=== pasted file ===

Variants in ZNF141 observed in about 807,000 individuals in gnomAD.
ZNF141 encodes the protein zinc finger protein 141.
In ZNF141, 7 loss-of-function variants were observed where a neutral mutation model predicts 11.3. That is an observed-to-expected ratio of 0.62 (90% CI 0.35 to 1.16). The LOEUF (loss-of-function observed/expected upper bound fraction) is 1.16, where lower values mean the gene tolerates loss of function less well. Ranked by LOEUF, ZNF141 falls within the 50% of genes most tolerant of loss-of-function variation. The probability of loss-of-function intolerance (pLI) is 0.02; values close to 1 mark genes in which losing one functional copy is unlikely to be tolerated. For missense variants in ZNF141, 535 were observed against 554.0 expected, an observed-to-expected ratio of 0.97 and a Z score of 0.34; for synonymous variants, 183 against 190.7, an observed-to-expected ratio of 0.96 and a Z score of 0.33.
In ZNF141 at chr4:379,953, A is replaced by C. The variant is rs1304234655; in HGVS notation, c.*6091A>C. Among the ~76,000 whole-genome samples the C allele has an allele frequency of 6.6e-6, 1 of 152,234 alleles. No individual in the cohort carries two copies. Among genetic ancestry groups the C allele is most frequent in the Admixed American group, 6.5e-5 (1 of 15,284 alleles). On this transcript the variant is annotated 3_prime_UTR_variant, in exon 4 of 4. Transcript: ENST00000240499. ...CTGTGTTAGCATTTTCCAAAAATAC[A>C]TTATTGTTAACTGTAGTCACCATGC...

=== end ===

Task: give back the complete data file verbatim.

Variants in ZNF141 observed in about 807,000 individuals in gnomAD.
ZNF141 encodes the protein zinc finger protein 141.
In ZNF141, 7 loss-of-function variants were observed where a neutral mutation model predicts 11.3. That is an observed-to-expected ratio of 0.62 (90% CI 0.35 to 1.16). The LOEUF (loss-of-function observed/expected upper bound fraction) is 1.16, where lower values mean the gene tolerates loss of function less well. Ranked by LOEUF, ZNF141 falls within the 50% of genes most tolerant of loss-of-function variation. The probability of loss-of-function intolerance (pLI) is 0.02; values close to 1 mark genes in which losing one functional copy is unlikely to be tolerated. For missense variants in ZNF141, 535 were observed against 554.0 expected, an observed-to-expected ratio of 0.97 and a Z score of 0.34; for synonymous variants, 183 against 190.7, an observed-to-expected ratio of 0.96 and a Z score of 0.33.
In ZNF141 at chr4:379,953, A is replaced by C. The variant is rs1304234655; in HGVS notation, c.*6091A>C. Among the ~76,000 whole-genome samples the C allele has an allele frequency of 6.6e-6, 1 of 152,234 alleles. No individual in the cohort carries two copies. Among genetic ancestry groups the C allele is most frequent in the Admixed American group, 6.5e-5 (1 of 15,284 alleles). On this transcript the variant is annotated 3_prime_UTR_variant, in exon 4 of 4. Transcript: ENST00000240499. ...CTGTGTTAGCATTTTCCAAAAATAC[A>C]TTATTGTTAACTGTAGTCACCATGC...